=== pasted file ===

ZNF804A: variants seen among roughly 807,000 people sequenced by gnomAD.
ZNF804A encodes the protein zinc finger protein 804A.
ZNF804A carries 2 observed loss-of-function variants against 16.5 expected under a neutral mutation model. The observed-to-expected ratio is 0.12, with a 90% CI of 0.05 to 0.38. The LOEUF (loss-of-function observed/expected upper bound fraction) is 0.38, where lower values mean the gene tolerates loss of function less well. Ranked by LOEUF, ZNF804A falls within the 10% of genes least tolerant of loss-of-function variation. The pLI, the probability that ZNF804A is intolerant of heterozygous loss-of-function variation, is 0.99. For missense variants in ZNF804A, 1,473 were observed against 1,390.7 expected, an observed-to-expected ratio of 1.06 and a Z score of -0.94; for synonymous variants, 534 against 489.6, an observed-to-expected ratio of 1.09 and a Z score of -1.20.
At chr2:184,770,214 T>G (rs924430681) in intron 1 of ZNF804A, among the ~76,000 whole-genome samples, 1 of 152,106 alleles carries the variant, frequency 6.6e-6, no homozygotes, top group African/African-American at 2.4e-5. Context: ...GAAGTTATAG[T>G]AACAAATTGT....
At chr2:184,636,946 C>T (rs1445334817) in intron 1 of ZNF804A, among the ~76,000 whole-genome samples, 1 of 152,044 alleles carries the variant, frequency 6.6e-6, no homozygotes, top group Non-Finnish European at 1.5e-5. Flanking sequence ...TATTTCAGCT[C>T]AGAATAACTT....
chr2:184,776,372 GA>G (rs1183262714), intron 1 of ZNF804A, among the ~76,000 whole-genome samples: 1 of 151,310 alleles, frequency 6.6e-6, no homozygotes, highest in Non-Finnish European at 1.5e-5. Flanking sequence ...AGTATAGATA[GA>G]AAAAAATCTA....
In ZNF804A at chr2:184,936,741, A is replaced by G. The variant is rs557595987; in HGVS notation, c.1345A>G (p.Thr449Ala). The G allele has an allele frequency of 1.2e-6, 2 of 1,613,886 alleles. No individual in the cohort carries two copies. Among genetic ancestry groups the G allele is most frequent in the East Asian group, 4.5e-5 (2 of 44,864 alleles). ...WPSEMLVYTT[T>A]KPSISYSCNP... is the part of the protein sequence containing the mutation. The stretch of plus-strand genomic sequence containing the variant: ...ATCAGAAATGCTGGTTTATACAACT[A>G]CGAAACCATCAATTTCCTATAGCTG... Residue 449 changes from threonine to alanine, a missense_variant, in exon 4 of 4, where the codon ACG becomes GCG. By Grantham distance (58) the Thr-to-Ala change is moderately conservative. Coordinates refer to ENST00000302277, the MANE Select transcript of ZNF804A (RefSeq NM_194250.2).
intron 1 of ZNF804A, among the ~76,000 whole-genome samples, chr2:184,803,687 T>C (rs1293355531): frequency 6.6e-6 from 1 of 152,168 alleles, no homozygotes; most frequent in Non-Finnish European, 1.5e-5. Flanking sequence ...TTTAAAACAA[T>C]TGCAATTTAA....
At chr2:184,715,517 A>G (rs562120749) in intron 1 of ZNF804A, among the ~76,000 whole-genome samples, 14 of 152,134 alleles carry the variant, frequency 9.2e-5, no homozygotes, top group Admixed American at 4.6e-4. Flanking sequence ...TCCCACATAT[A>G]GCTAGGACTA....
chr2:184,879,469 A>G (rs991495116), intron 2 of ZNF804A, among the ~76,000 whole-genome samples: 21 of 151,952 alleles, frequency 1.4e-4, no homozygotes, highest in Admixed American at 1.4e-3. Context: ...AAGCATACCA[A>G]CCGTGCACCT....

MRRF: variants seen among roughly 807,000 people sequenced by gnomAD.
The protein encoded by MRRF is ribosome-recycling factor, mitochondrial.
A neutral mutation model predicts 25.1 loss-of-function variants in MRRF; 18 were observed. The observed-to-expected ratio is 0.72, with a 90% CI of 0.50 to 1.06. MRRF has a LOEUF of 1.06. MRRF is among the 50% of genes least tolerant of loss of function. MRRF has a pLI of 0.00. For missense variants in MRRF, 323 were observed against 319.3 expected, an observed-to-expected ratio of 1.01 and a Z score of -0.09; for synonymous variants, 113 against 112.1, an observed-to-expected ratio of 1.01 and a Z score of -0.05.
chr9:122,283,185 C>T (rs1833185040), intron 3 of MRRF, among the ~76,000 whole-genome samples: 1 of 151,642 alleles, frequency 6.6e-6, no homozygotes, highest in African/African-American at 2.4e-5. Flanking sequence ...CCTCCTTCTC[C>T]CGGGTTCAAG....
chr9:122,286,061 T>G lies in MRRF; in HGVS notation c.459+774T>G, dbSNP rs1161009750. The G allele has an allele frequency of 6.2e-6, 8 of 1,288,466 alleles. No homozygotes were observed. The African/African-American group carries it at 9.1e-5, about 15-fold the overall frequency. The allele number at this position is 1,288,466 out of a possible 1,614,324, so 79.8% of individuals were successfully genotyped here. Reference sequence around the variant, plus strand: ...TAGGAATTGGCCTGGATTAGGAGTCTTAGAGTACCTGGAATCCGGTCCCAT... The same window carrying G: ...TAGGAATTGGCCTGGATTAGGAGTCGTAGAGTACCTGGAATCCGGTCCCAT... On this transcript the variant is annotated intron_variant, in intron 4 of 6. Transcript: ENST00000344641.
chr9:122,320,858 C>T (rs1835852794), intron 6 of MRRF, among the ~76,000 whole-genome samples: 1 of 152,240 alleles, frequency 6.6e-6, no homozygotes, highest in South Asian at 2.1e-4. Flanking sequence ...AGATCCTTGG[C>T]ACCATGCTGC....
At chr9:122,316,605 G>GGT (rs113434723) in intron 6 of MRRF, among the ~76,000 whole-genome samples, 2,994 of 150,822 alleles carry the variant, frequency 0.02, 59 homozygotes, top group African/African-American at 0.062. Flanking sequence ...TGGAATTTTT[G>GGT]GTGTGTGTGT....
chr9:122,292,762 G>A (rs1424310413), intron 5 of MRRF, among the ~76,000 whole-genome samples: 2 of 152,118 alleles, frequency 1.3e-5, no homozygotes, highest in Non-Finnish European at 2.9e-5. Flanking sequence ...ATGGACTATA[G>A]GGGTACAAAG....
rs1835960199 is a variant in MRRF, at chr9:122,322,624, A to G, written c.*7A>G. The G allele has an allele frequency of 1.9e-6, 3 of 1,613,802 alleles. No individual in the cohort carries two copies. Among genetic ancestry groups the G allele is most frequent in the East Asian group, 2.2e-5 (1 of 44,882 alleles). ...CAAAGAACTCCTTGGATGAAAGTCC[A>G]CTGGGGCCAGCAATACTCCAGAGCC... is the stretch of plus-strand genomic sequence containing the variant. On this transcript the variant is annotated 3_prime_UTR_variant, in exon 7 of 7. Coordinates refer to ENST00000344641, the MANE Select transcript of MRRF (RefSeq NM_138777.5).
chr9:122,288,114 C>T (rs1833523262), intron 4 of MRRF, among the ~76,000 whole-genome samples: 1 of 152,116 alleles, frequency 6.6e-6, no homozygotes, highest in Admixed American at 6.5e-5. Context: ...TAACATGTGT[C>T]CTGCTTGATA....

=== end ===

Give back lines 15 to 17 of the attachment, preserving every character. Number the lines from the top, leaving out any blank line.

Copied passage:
chr9:122,286,061 T>G lies in MRRF; in HGVS notation c.459+774T>G, dbSNP rs1161009750. The G allele has an allele frequency of 6.2e-6, 8 of 1,288,466 alleles. No homozygotes were observed. The African/African-American group carries it at 9.1e-5, about 15-fold the overall frequency. The allele number at this position is 1,288,466 out of a possible 1,614,324, so 79.8% of individuals were successfully genotyped here. Reference sequence around the variant, plus strand: ...TAGGAATTGGCCTGGATTAGGAGTCTTAGAGTACCTGGAATCCGGTCCCAT... The same window carrying G: ...TAGGAATTGGCCTGGATTAGGAGTCGTAGAGTACCTGGAATCCGGTCCCAT... On this transcript the variant is annotated intron_variant, in intron 4 of 6. Transcript: ENST00000344641.
chr9:122,320,858 C>T (rs1835852794), intron 6 of MRRF, among the ~76,000 whole-genome samples: 1 of 152,240 alleles, frequency 6.6e-6, no homozygotes, highest in South Asian at 2.1e-4. Flanking sequence ...AGATCCTTGG[C>T]ACCATGCTGC....
At chr9:122,316,605 G>GGT (rs113434723) in intron 6 of MRRF, among the ~76,000 whole-genome samples, 2,994 of 150,822 alleles carry the variant, frequency 0.02, 59 homozygotes, top group African/African-American at 0.062. Flanking sequence ...TGGAATTTTT[G>GGT]GTGTGTGTGT....